Satheesh on labellling in India (24/4/2006)

Protect farmers' interests
Are new regulations for GM crops a boon for agribiotech?

The writer is director, Deccan Development Society

Is labelling GMOs a good enough solution to a country where the illiteracy levels are close to 40%? Currently, a huge publicity blitz is on by the ministry of consumer affairs asking the citizens of India to understand what is MRP, expiry date, etc, after these rules have been in operation for over 30 years. If understanding MRP and expiry date is so difficult, how will the Indian consumer comprehend the implication of GM food even if it is labelled?

In a country where the GM debate is almost non-existent — where the first GE crop, Bt cotton, crashed taking along with it hundreds of farmers lives — what is the obscene hurry to open the gates for GM crops? Why are we rushing in where angels are afraid to tread?

As recently as three months ago, Switzerland rejected GM food in a nationwide referendum. Why is our nation so undemocratic? Does the population of this country deserve no role in making such decisions? Are we keeping track of the global evidences about the unsafe character of GM foods that are mounting by the day? Here are few examples.

In a recent experiment, the noted Russian scientist Ermakova from the Russian Academy of Sciences found that the offspring of female rats fed on GM soya were five times more likely to die within three weeks of birth than those of mothers fed on normal soya. The legendary scientist Arpad Pusztai found young rats fed GM potatoes damaged in every organ system including an increase in thickness of the stomach lining to twice that in controls. Data from the 1990s available with the USFDA show that rats fed with GM tomatoes developed small holes in their stomach. A new Australian research says that a harmless protein in bean when transferred to pea caused inflammation in the lungs of mice.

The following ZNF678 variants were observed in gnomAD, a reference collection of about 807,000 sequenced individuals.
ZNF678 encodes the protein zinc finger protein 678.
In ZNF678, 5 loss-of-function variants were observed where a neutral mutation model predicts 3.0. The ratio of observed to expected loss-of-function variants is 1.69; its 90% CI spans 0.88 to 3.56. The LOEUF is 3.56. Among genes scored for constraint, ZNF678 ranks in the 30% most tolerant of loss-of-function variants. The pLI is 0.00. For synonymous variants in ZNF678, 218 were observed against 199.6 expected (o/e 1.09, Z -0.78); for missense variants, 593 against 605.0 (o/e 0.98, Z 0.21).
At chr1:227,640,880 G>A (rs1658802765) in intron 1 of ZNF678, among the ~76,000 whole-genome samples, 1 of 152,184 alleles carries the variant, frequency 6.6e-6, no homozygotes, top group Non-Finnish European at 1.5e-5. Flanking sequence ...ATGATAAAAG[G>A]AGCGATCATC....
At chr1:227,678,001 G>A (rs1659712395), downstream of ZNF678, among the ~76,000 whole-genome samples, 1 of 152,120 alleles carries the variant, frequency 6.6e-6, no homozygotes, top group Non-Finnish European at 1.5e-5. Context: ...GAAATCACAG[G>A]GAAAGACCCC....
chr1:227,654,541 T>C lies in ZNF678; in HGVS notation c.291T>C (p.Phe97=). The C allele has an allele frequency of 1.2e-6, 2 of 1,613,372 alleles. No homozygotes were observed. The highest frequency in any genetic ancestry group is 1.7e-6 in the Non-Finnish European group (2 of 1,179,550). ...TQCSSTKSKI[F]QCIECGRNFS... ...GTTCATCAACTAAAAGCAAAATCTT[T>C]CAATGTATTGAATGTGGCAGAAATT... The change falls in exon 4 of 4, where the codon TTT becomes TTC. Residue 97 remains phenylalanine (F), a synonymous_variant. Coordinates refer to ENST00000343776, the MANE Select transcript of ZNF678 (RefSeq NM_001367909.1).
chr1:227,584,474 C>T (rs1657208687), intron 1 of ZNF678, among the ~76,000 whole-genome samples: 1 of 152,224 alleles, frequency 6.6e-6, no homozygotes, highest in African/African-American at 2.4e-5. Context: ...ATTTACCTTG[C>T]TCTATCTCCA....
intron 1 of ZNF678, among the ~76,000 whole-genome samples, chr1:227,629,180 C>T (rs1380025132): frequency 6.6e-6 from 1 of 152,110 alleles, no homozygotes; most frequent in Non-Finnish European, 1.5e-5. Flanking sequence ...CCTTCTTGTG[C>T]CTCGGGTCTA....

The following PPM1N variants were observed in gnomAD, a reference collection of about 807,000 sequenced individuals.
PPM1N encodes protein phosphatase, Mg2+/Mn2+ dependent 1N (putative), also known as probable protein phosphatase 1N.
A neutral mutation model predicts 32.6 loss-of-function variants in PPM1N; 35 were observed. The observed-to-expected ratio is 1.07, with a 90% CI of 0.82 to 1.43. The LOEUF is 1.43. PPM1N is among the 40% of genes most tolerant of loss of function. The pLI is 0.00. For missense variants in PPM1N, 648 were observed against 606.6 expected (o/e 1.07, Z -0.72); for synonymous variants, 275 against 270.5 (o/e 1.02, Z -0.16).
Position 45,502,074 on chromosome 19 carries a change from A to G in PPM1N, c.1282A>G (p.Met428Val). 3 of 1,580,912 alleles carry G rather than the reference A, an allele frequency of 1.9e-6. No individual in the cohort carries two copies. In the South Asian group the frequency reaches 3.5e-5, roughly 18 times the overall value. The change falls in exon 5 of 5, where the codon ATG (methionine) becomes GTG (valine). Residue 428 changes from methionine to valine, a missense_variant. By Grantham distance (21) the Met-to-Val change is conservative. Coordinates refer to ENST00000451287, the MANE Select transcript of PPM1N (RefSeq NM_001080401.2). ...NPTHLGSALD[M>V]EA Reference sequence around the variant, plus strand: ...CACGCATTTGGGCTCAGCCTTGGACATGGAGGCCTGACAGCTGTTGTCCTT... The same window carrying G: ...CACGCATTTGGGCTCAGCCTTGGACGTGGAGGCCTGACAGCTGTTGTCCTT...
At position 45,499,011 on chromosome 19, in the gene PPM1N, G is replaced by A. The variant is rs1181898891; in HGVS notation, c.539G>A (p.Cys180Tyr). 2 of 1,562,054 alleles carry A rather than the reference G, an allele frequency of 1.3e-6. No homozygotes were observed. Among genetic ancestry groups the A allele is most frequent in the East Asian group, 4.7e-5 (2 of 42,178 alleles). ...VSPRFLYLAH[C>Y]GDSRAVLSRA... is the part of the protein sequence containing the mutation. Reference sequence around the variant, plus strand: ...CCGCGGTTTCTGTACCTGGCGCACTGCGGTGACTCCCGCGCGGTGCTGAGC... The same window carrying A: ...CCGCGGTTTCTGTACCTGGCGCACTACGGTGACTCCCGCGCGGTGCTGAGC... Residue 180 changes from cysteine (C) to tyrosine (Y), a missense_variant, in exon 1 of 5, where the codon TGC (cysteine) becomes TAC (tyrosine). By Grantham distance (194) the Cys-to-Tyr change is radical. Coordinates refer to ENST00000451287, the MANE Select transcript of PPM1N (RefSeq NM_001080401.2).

From mice to men is not far away. Five unexplained deaths and mysterious illnesses in the south of the Philippines occurred when a Monsanto GM maize hybrid came into flower. Antibodies to the Bt protein in the GM maize were found in the villagers. These are only tip of the iceberg. Facts that are emerging out of science labs and peasant farms swell the damning evidences against GM in spite of the all cover ups attempted by the powerful industry’s continuing spin.

In a country like India, can we say we have labelled GM and let them eat it at their own peril? The irrefutable evidence of pesticide residue in Coca Cola did not deter GenNext from declaring their undying allegiance to the soft drink. The one billion population of this country cannot be left to the market logic of the CII and the biotech industry baying for their profits and the ministry of commerce, which is an accomplice. India should initiate a democratic debate, not on whether we should label, but on whether we should let GM food enter this country.


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